Being Bored – 18/07/21
Opening Music: ‘Interlude – Lloyd’ performed by Peter Crockford
Opening Words of Welcome: adapted from Amy McKenzie Quinn and Elena Westbrook
Welcome to this common, sacred space.
Common, because we are all welcome.
Sacred, because here we transform the ordinary
and attend to the profound.
We carry with us our regrets, doubts, fears, stories, laughter;
may they inspire our worship.
Above all, may we each meet what we need most to find,
On this day, in this common, sacred space.
In a world beset by troubles
that seem eternal and insoluble,
sometimes the only thing we can do
is be still for a moment
to remind ourselves what is real:
the sun that rose again this morning,
the dirt beneath our feet,
the air whispering in and out of our lungs.
This hour, try just to be present in each moment as it unfolds.
Your simple attention is what makes these moments holy.
These words by Amy McKenzie Quinn and Elena Westbrook welcome all who have gathered here on Zoom for our Sunday service. Welcome to regular members of the congregation, to friends and visitors with us today – also those who might be listening to our podcast, or catching up on YouTube, at some time in the future. For those who don’t know me, my name is Jane Blackall, and having been part of the congregation for 22 years I’m now Ministry Coordinator here and also a Ministry Student finishing up my training at Unitarian College this summer.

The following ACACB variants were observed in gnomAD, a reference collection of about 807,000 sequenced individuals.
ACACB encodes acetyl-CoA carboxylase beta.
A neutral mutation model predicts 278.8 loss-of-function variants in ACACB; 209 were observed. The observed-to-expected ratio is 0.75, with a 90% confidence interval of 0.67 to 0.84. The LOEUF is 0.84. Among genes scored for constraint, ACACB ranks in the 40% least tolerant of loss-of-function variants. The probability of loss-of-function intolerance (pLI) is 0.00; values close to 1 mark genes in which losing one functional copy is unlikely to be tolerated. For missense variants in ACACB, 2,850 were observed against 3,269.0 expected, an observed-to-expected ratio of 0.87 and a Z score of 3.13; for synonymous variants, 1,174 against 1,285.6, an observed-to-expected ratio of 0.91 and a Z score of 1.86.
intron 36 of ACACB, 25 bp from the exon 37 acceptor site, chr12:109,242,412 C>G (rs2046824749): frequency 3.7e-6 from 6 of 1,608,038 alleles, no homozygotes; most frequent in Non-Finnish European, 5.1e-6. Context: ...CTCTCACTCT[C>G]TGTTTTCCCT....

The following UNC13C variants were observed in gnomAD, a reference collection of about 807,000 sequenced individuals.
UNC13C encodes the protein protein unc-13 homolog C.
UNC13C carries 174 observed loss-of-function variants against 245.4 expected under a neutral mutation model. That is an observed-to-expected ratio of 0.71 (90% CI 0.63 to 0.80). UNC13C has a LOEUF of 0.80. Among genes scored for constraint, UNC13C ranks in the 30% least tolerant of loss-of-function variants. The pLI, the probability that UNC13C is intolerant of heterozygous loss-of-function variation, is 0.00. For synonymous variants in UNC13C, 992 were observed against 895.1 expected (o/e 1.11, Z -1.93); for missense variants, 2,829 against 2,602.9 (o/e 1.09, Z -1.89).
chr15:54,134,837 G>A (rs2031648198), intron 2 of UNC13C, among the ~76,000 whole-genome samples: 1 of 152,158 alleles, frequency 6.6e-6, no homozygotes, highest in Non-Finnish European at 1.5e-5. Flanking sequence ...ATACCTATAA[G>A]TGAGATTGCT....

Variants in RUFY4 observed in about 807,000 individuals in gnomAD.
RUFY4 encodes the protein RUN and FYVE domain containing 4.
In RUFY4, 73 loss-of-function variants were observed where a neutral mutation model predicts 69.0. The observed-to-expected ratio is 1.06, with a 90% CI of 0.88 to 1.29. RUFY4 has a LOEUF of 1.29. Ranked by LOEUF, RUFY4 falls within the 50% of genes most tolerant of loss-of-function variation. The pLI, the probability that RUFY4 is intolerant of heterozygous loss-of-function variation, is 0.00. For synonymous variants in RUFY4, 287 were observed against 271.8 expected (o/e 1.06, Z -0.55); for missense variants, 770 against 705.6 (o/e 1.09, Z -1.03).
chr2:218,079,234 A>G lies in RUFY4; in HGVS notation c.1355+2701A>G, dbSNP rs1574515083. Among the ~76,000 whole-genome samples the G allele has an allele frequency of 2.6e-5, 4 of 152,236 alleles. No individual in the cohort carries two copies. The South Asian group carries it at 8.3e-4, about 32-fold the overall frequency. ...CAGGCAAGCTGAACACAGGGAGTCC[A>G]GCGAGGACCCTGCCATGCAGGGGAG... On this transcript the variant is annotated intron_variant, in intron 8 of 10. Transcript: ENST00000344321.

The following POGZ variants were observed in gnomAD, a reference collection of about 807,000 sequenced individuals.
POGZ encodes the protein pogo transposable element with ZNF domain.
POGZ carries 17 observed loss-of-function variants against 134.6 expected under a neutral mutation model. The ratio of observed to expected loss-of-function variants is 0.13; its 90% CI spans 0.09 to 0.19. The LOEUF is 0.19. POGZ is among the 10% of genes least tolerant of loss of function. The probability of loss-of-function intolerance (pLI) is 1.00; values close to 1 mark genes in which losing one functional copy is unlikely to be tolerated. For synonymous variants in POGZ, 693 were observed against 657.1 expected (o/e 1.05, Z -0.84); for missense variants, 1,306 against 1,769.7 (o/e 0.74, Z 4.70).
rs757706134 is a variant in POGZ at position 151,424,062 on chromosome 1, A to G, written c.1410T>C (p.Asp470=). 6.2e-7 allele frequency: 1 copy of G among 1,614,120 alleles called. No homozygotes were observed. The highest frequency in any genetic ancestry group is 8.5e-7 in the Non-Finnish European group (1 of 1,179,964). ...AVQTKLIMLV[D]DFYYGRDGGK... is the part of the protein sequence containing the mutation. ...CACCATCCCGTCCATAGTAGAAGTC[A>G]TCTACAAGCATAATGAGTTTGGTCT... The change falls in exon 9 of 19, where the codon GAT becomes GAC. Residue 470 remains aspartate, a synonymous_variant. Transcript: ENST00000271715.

This morning’s service is on the theme of ‘Being Bored’ – a quirky topic suggested in one of our coffee mornings a few months ago – and I’ll be stitching together contributions from members of the congregation John Humphreys, Maria Petnga-Wallace, and Liz Tuckwell, which explore the experience of being bored and (perhaps) the ways in which a bit of boredom might be good for us.
Before we go any further, though, let’s take a moment to make sure we’ve fully arrived. Do what you need to do to settle in – you might want to wiggle and stretch first – scrunch your shoulders up and let them go – or perhaps take one conscious breath… Set aside, if you can, anything that you don’t need to think about for the next hour. And do feel free to turn your camera off if that makes it easier for you to focus – of course we like to see all your lovely faces – but if you prefer to lurk that’s fine. There’ll be various opportunities to join in as we go along but all are entirely optional. Whoever you are, however you are, you are welcome in this gathering, just as you are.